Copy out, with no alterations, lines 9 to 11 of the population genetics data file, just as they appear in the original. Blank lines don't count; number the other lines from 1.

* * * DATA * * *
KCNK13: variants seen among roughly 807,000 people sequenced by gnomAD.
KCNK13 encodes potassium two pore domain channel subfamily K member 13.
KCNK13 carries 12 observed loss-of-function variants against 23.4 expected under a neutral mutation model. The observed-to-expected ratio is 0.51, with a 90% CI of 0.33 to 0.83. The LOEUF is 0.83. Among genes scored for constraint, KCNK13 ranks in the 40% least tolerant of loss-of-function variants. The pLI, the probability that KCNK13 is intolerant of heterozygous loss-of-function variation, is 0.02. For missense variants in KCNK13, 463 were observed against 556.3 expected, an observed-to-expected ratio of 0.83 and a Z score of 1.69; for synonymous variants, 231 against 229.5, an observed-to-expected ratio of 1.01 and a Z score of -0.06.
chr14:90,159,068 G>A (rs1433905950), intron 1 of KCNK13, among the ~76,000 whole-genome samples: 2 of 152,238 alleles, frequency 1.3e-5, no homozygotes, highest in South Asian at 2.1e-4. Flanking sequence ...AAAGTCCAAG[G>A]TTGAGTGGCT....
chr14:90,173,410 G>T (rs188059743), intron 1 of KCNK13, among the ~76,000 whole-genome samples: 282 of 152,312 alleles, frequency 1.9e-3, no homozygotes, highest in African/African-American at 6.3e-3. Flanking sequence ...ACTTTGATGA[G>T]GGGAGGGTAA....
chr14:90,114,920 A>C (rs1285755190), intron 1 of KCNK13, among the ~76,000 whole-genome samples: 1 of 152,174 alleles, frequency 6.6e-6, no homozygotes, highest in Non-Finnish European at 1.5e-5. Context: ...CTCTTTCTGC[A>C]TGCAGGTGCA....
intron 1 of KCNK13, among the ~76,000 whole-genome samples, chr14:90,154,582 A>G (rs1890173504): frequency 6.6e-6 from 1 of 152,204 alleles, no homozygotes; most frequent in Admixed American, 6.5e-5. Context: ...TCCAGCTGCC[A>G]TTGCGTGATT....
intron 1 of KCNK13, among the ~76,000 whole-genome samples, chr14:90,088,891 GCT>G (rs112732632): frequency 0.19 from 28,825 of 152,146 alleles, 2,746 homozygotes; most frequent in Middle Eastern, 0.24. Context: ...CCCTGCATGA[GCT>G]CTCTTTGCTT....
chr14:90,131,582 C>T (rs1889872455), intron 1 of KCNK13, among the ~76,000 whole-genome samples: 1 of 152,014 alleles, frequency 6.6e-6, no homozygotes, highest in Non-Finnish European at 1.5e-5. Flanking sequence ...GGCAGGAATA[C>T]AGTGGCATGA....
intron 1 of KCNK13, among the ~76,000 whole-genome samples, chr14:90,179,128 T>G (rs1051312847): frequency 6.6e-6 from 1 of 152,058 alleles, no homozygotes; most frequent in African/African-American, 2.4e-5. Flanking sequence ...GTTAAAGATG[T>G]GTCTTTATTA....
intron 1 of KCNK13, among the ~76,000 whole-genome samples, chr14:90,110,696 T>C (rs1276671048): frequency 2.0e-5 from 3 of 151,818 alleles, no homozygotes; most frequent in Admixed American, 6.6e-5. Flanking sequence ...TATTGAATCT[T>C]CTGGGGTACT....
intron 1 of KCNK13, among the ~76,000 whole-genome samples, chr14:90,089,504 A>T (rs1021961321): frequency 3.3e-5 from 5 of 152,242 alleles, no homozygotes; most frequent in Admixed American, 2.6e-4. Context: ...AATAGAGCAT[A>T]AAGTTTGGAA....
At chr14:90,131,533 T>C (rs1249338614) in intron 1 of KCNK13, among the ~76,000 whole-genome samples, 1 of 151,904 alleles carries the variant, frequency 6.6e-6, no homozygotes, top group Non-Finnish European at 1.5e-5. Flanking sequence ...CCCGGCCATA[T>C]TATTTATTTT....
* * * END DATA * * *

chr14:90,131,582 C>T (rs1889872455), intron 1 of KCNK13, among the ~76,000 whole-genome samples: 1 of 152,014 alleles, frequency 6.6e-6, no homozygotes, highest in Non-Finnish European at 1.5e-5. Flanking sequence ...GGCAGGAATA[C>T]AGTGGCATGA....
intron 1 of KCNK13, among the ~76,000 whole-genome samples, chr14:90,179,128 T>G (rs1051312847): frequency 6.6e-6 from 1 of 152,058 alleles, no homozygotes; most frequent in African/African-American, 2.4e-5. Flanking sequence ...GTTAAAGATG[T>G]GTCTTTATTA....
intron 1 of KCNK13, among the ~76,000 whole-genome samples, chr14:90,110,696 T>C (rs1276671048): frequency 2.0e-5 from 3 of 151,818 alleles, no homozygotes; most frequent in Admixed American, 6.6e-5. Flanking sequence ...TATTGAATCT[T>C]CTGGGGTACT....